Letters from the West

Department of Lands sticks with 300 foot setback for oil and gas plants

AM Idaho's Willow Creek gathering and initial processing facility eight miles north of New Plymouth. Residents want the state to increase the setback from homes and work places from the current 300 foot minimum.
AM Idaho's Willow Creek gathering and initial processing facility eight miles north of New Plymouth. Residents want the state to increase the setback from homes and work places from the current 300 foot minimum. doswald@idahostatesman.com

The Idaho Department of Lands held tight to a 300 foot setback for oil and gas infrastructure from people's homes and work places in negotiated rulemaking in Boise Wednesday.

Local activists from Weiser, Eagle and Payette sought to increase the setback to at least 500 feet for oil and gas wells, tanks and processing facilities. But Idaho Department of Lands moderator Eric Wilson said landowners can negotiate wider setbacks and counties also can require wider setbacks during planning and zoning review during construction.

But Mary Sue Roach, a Weiser nurse practitioner said counties have been unwilling to push wider setbacks because of concerns about industry lawsuits. Landowners with mineral rights have the leverage to get larger setbacks, she said, using the gas well at the Smoke Ranch on Idaho 52 near New Plymouth as an example. It has an 800-foot setback.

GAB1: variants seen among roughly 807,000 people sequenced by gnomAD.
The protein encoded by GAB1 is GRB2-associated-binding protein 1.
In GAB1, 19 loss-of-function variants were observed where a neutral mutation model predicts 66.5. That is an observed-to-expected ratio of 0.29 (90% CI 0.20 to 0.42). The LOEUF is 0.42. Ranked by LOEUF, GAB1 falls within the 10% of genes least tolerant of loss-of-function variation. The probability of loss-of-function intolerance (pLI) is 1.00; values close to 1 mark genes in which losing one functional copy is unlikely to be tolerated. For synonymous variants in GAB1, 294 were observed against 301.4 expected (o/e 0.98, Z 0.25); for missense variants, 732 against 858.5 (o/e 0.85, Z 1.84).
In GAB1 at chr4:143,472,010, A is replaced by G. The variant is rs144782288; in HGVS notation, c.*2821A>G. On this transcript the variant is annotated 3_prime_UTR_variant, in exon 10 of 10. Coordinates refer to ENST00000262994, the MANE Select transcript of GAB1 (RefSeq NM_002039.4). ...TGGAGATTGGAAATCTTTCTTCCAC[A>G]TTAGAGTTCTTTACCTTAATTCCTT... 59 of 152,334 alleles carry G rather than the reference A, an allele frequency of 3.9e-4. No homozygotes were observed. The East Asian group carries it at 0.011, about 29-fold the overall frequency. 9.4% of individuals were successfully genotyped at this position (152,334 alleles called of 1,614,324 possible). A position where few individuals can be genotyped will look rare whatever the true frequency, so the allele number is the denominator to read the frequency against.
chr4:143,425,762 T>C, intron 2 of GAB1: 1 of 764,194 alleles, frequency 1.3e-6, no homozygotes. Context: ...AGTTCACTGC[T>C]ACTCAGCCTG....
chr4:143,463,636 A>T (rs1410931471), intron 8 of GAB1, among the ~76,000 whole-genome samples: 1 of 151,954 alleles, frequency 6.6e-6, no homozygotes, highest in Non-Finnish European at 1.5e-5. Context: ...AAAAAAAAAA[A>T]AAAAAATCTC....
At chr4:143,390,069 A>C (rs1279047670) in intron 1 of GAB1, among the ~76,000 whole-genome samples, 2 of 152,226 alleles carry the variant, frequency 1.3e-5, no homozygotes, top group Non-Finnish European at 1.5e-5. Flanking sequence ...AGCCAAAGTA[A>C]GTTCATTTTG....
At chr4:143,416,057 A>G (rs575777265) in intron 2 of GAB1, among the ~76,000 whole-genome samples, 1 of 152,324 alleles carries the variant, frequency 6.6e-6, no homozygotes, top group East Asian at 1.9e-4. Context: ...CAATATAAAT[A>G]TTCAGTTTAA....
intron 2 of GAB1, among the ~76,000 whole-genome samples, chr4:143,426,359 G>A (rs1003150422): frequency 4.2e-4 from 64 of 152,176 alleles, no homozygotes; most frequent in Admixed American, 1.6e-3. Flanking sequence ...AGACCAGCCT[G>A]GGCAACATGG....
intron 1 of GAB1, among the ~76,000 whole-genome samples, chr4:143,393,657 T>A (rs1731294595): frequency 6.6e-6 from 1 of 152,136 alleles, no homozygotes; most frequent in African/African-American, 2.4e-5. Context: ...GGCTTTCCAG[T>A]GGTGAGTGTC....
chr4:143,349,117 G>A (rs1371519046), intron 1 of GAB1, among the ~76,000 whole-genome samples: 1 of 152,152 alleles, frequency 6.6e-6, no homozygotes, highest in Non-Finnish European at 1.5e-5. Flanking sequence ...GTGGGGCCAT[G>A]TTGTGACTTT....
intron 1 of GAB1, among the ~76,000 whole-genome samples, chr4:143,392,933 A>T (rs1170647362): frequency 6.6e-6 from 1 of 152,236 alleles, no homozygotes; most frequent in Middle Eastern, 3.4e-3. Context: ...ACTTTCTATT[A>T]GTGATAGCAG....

If you are a surface owner in a split estate situation you have very little, if any, negotiating power when you are working on a “good faith” agreement with the industry," Roach said. "You are subservient to the mineral estate. "

She said the industry need only pay a $5,000 bond and it can come on your property without an agreement.

"A surface owner would probably never be successful in negotiating a greater setback," she said. "The surface owner needs a larger bond, $10,000, and a bigger setback, a 500 foot minimum, to have more adequate protection for their property."

Doug Paddock, of the Idaho Organization of Resource Councils , said the setback is a health issue.

Emissions from oil and gas operations contain methane, but can also contain toxic volatile organic compounds such as benzene, toluene, ethyl-benzene, and xylene, he said. Residents also worry about accidents or impacts to their property value and reduced quality of life caused by odor, noise, dust, light, spills, and traffic.

"Out-of-state oil and gas companies continue to have their interests put over the health and safety of Idaho’s people," Paddock said.

North Dakota, Wyoming and Colorado have 500 foot setbacks, some states have no setbacks and they range from 200 to 2000 feet, the Idaho Department of Lands said.

Former Sen. Larry Craig, who lobbys for oil and gas businesses, said counties can set wider setbacks but they can't make them so high they prevent drilling. He also urged activists to talk to their counties.

"Would you live 300 feet from a gas processing facility?" Craig asked rhetorically. "I know I wouldn't."

Roach told Idaho lawmakers in a letter she wasn't against the oil and gas industry.

" It just needs to be a responsible and respectful industry," Roach said.

Rocky Barker: 208-377-6484, @RockyBarker

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